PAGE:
Dairy Producer Organisations

Find out what a Dairy Producer Organisation (DPO) is, the benefits of becoming or joining one, and check if you meet requirements.

What is a Dairy Producer Organisation (DPO)?

An organisation formed on the initiative of a group of farmers, which has one or more aims. This includes negotiating contracts for the delivery of raw milk on behalf of its members.

What are the benefits of becoming a DPO?

DPOs can:

  • jointly negotiate sales of larger volumes of raw milk than normal competition rules would allow
  • strengthen members position in the dairy supply chain
  • negotiate a better price for the delivery of raw milk to processors or to a collector
  • make sure that production is planned and adjusted to demand, particularly in terms of quality and quantity
  • improve production costs and operating margins through:
    • sharing knowledge
    • sharing of best dairy farming practice
    • benchmarking and improved individual farm management
  • explore different opportunities in the market
  • give better customer service to milk purchasers

Check the DPO requirements

To be recognised, a DPO must:

  • be formed on the initiative of dairy producers
  • have at least 10 dairy producers (all of them must be separate legal entities) or produce 6 million litres a year (2 producers needed), or both
  • be a legal entity or a clearly defined part of a legal entity
  • have a specific aim
  • carry out activities properly and effectively
  • have a statute setting out the requirements

Apply for recognition as a DPO in the UK

If you meet the requirements to become a DPO, you can apply for recognition. You can apply at any time during the year.

You’ll need to register on the Rural Payments service to apply. You must confirm your identity before you can register for the first time. You can do this by telephoning the Rural Payments helpline on 03000 200 301. 

Make an application

Once you have registered on the Rural Payments service you can apply using the application for recognition as a Dairy Producer Organisation (DPS1).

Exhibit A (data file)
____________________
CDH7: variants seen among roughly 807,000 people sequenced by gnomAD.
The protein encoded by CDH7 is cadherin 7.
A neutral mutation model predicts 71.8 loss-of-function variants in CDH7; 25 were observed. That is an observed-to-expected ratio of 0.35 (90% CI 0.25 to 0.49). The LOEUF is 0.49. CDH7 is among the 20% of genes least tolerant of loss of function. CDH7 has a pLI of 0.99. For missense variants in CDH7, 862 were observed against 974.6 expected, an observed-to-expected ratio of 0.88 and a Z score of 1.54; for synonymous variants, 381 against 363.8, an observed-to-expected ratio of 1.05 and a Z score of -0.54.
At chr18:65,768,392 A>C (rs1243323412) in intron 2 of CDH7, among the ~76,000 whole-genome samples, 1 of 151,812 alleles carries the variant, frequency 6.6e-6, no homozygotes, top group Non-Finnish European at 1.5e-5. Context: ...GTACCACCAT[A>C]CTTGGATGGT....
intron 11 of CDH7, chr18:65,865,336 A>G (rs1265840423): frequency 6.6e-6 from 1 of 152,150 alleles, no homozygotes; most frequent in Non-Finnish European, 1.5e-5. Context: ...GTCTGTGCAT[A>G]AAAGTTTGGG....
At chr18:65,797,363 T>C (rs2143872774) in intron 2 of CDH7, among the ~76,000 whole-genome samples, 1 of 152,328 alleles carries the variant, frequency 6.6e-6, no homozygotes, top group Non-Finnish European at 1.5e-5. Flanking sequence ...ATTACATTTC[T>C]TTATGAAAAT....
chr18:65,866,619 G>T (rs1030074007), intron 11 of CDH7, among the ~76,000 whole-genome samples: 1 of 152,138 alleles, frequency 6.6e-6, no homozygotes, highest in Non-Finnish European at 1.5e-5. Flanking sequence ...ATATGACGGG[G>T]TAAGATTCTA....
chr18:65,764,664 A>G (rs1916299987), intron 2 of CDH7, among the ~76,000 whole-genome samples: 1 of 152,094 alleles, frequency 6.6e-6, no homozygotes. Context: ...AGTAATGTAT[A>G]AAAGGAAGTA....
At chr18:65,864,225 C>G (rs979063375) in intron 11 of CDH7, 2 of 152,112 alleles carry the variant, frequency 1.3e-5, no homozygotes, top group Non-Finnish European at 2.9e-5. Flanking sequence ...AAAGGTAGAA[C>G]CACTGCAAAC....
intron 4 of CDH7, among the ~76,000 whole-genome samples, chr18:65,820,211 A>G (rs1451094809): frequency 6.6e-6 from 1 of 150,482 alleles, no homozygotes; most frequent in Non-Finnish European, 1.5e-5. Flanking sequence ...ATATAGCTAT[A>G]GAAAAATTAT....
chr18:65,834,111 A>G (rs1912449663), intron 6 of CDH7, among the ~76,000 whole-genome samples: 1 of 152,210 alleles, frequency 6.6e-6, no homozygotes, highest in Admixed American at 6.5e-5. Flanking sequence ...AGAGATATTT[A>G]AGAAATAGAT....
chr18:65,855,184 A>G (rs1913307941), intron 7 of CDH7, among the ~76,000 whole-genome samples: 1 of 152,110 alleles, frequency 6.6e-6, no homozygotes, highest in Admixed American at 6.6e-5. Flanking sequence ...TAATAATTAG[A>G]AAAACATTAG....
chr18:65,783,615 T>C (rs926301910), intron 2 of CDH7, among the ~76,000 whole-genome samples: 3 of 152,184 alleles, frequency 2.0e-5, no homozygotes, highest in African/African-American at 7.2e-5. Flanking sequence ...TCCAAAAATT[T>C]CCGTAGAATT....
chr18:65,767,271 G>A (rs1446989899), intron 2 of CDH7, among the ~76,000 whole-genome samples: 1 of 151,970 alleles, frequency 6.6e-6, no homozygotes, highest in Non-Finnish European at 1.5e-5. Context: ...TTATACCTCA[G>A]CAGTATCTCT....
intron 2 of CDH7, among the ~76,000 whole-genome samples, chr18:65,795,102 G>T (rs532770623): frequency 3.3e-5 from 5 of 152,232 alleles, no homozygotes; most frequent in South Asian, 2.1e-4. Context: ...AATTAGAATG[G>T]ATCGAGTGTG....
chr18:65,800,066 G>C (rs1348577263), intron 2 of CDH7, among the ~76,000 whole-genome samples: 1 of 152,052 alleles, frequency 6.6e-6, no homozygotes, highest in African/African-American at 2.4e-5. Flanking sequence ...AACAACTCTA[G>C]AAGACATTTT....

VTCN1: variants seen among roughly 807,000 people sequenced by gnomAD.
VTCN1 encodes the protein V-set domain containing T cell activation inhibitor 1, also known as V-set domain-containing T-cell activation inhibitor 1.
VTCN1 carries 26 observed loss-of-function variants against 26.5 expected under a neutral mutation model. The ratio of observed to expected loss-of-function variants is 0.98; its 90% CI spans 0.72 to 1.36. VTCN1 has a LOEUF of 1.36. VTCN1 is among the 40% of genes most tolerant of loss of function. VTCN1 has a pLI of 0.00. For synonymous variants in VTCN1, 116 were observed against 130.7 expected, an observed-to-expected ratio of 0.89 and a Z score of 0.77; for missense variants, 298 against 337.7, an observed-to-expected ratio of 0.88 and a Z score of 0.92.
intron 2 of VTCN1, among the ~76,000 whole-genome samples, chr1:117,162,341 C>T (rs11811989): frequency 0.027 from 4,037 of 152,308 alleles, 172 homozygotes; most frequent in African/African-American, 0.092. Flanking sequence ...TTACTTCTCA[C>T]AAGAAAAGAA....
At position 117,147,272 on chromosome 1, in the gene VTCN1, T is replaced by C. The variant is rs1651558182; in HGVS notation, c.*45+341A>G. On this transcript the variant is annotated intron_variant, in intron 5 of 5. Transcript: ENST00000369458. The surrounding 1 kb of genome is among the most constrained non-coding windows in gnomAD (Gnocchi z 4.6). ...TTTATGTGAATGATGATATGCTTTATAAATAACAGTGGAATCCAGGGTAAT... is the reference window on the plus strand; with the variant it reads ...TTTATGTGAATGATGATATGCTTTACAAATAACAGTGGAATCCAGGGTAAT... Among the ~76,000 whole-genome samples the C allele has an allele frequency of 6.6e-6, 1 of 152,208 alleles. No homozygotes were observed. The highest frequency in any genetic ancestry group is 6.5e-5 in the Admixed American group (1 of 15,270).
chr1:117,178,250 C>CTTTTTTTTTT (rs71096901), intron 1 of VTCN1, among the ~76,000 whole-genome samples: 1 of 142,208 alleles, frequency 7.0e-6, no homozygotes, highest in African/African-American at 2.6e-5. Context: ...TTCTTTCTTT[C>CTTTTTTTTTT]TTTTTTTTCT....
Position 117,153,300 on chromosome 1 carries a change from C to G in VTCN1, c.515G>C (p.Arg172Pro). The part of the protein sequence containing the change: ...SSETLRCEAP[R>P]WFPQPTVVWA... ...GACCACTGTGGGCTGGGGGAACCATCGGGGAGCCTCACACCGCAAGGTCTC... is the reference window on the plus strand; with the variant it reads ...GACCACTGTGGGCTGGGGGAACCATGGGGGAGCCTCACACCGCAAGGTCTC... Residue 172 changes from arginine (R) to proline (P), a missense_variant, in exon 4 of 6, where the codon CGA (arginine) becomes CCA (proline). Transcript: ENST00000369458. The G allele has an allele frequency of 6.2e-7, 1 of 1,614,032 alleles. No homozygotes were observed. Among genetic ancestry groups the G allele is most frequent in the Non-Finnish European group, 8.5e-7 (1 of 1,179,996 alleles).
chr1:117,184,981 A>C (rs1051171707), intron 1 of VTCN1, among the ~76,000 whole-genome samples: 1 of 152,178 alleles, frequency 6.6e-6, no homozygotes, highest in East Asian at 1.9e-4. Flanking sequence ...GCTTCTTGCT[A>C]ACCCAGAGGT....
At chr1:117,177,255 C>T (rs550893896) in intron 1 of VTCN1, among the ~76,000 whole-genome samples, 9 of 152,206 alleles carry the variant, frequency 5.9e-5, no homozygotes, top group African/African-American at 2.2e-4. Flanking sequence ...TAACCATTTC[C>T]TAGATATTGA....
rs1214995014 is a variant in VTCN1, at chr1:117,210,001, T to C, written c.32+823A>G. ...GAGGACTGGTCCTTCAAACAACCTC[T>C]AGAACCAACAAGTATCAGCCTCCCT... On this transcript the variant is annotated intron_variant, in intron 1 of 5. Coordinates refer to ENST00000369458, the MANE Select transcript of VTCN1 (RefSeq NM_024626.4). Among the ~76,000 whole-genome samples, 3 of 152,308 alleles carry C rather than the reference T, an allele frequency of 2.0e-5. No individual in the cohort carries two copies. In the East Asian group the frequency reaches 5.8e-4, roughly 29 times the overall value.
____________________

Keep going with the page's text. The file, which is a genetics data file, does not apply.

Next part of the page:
RPA will tell you if your application is successful within 4 months of receiving your application and the supporting information needed. If your application is not successful, RPA will explain why.

Check what supporting documents you need to send

As part of your application, you need to send the following information to RPA:

  • a list of members and their trading details including:
    • names and addresses
    • the date they joined the DPO
    • holding numbers
    • trader SBI numbers, or details of any RPA registration numbers that members already have
    • whether the producer is also a member of a cooperative
    • a copy of the minutes of the latest Annual General Meeting (AGM), Extraordinary General Meeting (EGM) or board meeting, if applicable
    • approximate marketable production volumes each year (in litres)
    • proof that the DPO is a legal entity or a clearly defined part of a legal entity: this could be a copy of a Certificate of Incorporation (or equivalent under the Co-operative and benefit Act 2021)
    • copies of the Memorandum of understanding or Articles of Association giving information about the legal constitution and rules of the organisation
    • signed copies of the Members Agreement showing that members only belong to one DPO
    • DPS8 - Authorisation form
    • a requirement for members to apply the rules stated by the DPO
    • a requirement that members to belong to only one DPO unless approved by RPA
    • a rule requiring members to give information asked for by the DPO for statistics
    • procedures for making and amending the rules of the DPO
    • details of members’ financial contributions to finance the DPO
    • rules allowing members to review the DPO and its decisions
    • penalties for breaking DPO rules, in particular non-payment of financial contributions
    • rules on accepting new members
    • minimum membership periods, if any
    • resignation procedures for members
    • rules on budgets and accounting for running the DPO
    • agreement on action to be taken in case of force majeure
    • rules on dissolving the DPO

You will need to have evidence that the DPO:

  • has a specific aim
  • is able to carry out activities effectively over time

If the DPO intends to negotiate contracts for the delivery of milk on behalf of its members, it must also:

  • show how the price will be negotiated and the contractual relationship between the DPO, its members, and any purchasers
  • give details of whether the DPO intends to take ownership of the milk before selling it to other purchasers, or will act only to negotiate on behalf of its members
  • make sure that any negotiations do not include milk covered by a separate DPO or a cooperative

Recognised DPO

Once recognised, a DPO may negotiate on behalf of its members, sales of or contracts for delivery of raw milk to a processor or collector every month. This may be for all or part of the production of their members.

The negotiations may take place: